PMID: 27959641


Only few studies examined the effect of diet on prospective changes in cardiometabolic (CM) risk factors in children and youth despite its importance for understanding the role of diet early in life for cardiovascular disease in adulthood. To test the hypothesis that dietary intake is associated with prospective changes in CM risk factors, we analyzed longitudinal observations made over a period of 2 years among 448 students (aged 10-17 years) from 14 schools in Canada. We applied mixed effect regression to examine the associations of dietary intake at baseline with changes in body mass index, waist circumference (WC), systolic and diastolic blood pressure (SBP and DBP), and insulin sensitivity score between baseline and follow-up while adjusting for age, sex, and physical activity. Dietary fat at baseline was associated with increases in SBP and DBP z scores (per 10 g increase in dietary fat per day: β = 0.03; p < 0.05) and WC (β = 0.31 cm; p < 0.05) between baseline and follow-up. Every additional gram of sodium intake at baseline was associated with an increase in DBP z score of 0.04 (p < 0.05) between baseline and follow-up. Intake of sugar, vegetables and fruit, and fibre were not associated with changes in CM risk factors in a statistically significant manner. Our findings suggest that a reduction in the consumption of total dietary fat and sodium may contribute to the prevention of excess body weight and hypertension in children and youth, and their cardiometabolic sequelae later in life.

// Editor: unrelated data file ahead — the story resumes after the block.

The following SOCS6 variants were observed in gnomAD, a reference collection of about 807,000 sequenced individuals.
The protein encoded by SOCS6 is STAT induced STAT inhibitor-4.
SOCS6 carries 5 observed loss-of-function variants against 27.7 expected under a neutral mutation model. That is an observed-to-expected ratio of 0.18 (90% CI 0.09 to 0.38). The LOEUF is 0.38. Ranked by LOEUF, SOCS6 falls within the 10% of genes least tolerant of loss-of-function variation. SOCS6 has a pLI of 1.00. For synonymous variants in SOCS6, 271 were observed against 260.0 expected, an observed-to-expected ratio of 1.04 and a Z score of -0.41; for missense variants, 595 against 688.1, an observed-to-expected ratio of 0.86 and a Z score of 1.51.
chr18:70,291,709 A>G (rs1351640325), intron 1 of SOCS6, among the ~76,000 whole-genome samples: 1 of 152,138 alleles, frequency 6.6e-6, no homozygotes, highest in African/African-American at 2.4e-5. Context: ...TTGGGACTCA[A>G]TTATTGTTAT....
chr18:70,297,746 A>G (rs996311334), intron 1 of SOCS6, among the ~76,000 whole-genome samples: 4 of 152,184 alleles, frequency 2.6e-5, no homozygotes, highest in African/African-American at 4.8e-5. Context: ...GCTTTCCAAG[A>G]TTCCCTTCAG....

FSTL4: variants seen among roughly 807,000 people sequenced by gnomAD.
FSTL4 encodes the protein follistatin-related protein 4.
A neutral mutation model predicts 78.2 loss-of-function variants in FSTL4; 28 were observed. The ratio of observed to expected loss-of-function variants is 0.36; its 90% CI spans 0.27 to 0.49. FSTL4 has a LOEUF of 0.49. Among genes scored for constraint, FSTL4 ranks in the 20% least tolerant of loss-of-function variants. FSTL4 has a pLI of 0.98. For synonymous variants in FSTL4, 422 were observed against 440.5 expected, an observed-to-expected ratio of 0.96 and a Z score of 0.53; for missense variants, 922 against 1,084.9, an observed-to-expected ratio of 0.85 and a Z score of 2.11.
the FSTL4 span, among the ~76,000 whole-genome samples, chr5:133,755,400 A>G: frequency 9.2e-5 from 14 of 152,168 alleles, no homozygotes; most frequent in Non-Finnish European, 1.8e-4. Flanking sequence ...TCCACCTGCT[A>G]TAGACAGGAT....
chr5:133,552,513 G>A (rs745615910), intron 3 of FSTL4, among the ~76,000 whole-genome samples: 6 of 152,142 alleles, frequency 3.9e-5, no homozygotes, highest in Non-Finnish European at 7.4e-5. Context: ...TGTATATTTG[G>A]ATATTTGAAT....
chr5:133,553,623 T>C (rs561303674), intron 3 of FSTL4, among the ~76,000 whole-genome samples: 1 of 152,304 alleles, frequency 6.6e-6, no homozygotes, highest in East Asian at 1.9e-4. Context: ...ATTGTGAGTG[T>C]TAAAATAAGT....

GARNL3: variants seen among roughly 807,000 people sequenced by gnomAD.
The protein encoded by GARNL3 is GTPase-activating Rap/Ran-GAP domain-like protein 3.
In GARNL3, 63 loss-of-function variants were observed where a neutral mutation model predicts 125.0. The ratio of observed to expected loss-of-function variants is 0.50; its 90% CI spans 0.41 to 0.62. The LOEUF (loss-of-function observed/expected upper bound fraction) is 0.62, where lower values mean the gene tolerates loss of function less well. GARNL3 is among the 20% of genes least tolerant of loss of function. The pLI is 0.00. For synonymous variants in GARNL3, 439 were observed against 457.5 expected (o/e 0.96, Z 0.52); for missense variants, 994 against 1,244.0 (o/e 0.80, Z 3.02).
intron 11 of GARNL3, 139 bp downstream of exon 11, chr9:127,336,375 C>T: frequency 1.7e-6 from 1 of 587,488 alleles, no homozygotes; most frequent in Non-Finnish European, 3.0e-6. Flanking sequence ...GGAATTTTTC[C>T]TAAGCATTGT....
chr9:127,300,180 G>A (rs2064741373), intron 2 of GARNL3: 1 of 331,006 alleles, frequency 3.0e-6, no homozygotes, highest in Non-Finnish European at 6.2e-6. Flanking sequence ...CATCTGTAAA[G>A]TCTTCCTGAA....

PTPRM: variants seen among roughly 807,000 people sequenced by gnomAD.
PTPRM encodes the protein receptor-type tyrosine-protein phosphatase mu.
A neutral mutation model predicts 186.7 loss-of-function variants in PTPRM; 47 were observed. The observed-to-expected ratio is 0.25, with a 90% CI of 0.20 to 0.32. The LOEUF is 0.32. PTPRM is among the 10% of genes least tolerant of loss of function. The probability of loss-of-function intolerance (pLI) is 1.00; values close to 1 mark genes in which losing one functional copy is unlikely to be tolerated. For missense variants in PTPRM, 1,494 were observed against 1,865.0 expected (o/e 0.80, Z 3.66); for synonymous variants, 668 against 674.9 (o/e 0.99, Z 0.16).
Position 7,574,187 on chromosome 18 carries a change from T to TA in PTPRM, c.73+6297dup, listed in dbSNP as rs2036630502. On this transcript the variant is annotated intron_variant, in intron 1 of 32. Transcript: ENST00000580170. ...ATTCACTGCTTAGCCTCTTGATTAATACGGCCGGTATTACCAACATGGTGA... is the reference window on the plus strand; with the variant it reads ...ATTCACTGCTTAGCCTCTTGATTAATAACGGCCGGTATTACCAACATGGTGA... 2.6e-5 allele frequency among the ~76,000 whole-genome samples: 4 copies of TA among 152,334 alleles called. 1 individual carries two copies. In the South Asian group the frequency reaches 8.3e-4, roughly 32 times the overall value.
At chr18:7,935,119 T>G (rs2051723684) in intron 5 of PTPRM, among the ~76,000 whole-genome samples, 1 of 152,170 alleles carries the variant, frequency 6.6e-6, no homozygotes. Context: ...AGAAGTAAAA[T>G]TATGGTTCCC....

adolescents; cardiometabolic risks factors; diet; facteurs de risque cardiométabolique; longitudinal study; obesity; obésité; public health; régime alimentaire; santé publique; étude longitudinale


Combined statin and angiotensin-converting enzyme (ACE) inhibitor treatment increases the lifespan of long-lived F1 male mice.

Spindler SR, Mote PL, Flegal JM.

Age (Dordr). 2016 Sep 2. [Epub ahead of print]

PMID: 27590905